FIFO-Based Implementation

FIG. 7 illustrates how a first-in-first-out (FIFO) buffer implementation of checkpoint store 118 operates in accordance with an embodiment of the present invention.

On the left-hand side of FIG. 7, memory controller 116 receives a value to be written “X” as part of a write operation directed to a location in main memory 120 presently containing the value “A”. Note that each entry in main memory 120 is associated a log bit, which indicates whether a prior value contained in the entry has been copied to checkpoint store 118. If so, the system knows that it does not have to copy the value to checkpoint store 118 again. Note that this log bit can reside within memory controller 116, or alternatively within main memory 120 itself.

Next, if the log bit for the location in main memory 120 has not been set, the system copies the prior value “A” from the write address in main memory 120 into checkpoint store 118.

After the prior value A has been copied to checkpoint store 118, the system writes the value X to the location in main memory 120 formerly containing the value A.

During a subsequent checkpointing operation, checkpoint store 118 and the log bits 702-704 can simply be cleared.

In the embodiment illustrated in FIG. 7, checkpoint store 118 is organized as a first-in-first-out (FIFO) buffer. This allows data to be read out of the FIFO buffer in the order in which it was entered into the FIFO buffer. Also note that a FIFO buffer is significantly simpler to implement than a cache memory.

FIG. 8A is a flow chart illustrating the process of performing a write operation for the embodiment of the present invention illustrated in FIG. 7. First, the system receives the write operation at memory controller 116 (step 802). This write operation includes data to be written as well as a write address specifying a location within main memory 120 that the write operation is directed to. Next, the system examines the log bit associated with the write address (step 804). If the log bit has not been set, no entry exists for the write address in checkpoint store 118. In this case, the system creates an entry in checkpoint store 118 for the write address, retrieves an existing value from the write address in main memory 120, and stores the existing value to the new entry (step 806). The system also sets the associated log bit.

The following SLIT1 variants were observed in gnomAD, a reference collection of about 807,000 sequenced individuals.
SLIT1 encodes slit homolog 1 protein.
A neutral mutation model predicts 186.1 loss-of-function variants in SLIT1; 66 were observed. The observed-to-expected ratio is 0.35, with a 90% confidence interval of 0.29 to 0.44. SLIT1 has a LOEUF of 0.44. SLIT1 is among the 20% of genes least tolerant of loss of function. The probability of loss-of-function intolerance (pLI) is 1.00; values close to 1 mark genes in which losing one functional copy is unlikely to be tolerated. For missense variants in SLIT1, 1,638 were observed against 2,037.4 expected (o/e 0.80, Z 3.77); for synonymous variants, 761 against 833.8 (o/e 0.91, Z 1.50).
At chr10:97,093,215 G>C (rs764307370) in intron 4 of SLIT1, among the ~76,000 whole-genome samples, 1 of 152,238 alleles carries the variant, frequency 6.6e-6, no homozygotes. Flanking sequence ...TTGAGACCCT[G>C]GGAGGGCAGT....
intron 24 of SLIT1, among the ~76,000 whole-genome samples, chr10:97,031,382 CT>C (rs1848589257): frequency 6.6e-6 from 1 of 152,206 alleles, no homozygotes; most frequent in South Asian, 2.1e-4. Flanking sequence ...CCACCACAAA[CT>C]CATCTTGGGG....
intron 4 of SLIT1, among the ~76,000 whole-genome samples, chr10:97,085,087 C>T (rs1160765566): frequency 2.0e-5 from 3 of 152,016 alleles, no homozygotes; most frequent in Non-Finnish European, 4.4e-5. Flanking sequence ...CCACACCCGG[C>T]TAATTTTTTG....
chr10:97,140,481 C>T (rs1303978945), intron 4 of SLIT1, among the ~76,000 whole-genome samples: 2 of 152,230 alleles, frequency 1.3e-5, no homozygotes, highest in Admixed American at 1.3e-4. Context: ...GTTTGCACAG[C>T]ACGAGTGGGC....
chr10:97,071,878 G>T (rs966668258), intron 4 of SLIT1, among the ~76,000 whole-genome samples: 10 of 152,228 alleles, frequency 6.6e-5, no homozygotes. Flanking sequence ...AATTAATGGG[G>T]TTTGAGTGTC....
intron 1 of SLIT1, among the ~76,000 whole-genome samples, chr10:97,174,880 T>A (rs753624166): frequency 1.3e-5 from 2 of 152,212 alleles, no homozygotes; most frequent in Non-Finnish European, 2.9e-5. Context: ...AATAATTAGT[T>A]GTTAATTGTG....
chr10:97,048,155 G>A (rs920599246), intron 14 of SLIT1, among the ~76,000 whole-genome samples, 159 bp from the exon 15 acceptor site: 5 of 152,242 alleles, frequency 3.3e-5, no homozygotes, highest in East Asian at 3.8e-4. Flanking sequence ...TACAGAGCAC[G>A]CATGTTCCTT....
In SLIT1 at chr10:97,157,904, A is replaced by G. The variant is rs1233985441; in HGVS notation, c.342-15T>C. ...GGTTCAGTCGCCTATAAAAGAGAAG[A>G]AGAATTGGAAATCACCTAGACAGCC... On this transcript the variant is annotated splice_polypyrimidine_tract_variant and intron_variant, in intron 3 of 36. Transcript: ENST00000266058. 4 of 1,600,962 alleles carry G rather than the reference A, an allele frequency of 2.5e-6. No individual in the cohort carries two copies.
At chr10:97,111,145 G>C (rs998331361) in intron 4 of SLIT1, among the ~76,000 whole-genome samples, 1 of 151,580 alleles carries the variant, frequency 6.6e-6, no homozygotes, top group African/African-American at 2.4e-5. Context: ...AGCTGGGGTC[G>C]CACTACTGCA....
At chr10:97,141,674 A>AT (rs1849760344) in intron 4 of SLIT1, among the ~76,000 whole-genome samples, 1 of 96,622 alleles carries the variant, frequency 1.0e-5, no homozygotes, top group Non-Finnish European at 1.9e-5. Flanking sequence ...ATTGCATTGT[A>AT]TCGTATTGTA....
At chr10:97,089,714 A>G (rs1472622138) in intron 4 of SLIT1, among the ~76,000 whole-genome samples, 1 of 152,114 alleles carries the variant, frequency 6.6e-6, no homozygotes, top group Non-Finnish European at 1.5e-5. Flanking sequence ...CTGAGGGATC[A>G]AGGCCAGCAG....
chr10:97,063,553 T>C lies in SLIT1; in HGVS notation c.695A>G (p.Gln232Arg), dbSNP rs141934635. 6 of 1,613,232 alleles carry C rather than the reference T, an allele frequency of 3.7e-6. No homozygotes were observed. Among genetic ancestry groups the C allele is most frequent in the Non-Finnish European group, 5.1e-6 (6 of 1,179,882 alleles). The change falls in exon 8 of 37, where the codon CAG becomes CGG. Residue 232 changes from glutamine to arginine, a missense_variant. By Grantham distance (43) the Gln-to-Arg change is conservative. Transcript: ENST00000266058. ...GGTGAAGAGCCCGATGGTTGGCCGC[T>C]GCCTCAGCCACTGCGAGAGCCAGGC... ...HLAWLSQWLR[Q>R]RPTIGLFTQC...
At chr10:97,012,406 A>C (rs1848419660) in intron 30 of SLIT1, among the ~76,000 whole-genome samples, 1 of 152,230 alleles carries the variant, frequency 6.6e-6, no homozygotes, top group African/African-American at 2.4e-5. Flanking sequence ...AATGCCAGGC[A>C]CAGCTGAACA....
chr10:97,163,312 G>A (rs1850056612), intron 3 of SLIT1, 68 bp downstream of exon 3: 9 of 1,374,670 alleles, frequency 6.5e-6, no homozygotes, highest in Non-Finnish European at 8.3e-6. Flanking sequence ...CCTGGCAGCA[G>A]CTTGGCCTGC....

Note that if no room exists for the new entry in checkpoint store 118, the system can create room by triggering a checkpoint operation to clear the entries from checkpoint store 118.

Next, the system stores the data to be written to the write address in main memory 120 (step 808). The system also periodically performs a checkpointing operation that clears prior values that have been saved in checkpoint store 118 (step 810).

FIG. 8B is a flow chart illustrating the process of performing a read operation for the embodiment of the present invention illustrated in FIG. 7. The system first receives a read operation at memory controller 116 (step 814). Next, the system retrieves the read data from the read address in main memory (step 816).

FIG. 9 is a flow chart illustrating the process of performing a rollback operation when an error occurs in accordance with the embodiment of the present invention illustrated in FIG. 7. Upon detecting an error (step 902), the system restores main memory to a prior checkpoint by replacing modified values in main memory 120 with prior values that have been saved in checkpoint store 118 (step 904). The system also clears all of the log bits that have been set. Next, the system restores the internal state of the processors from main memory (step 906). At this point computer system 100 is restored to its state at the previous checkpoint and is able to recommence execution.

The foregoing descriptions of embodiments of the present invention have been presented for purposes of illustration and description only. They are not intended to be exhaustive or to limit the present invention to the forms disclosed. Accordingly, many modifications and variations will be apparent to practitioners skilled in the art. Additionally, the above disclosure is not intended to limit the present invention. The scope of the present invention is defined by the appended claims.

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Classifications
U.S. Classification711/154, 714/E11.13, 711/156
International ClassificationG06F11/14
Cooperative ClassificationG06F11/1471
European ClassificationG06F11/14A12
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Owner name: SUN MICROSYSTEMS, INC., CALIFORNIA
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Owner name: SUN MICROSYSTEMS, INC. 901 SAN ANTONIO ROADPALO AL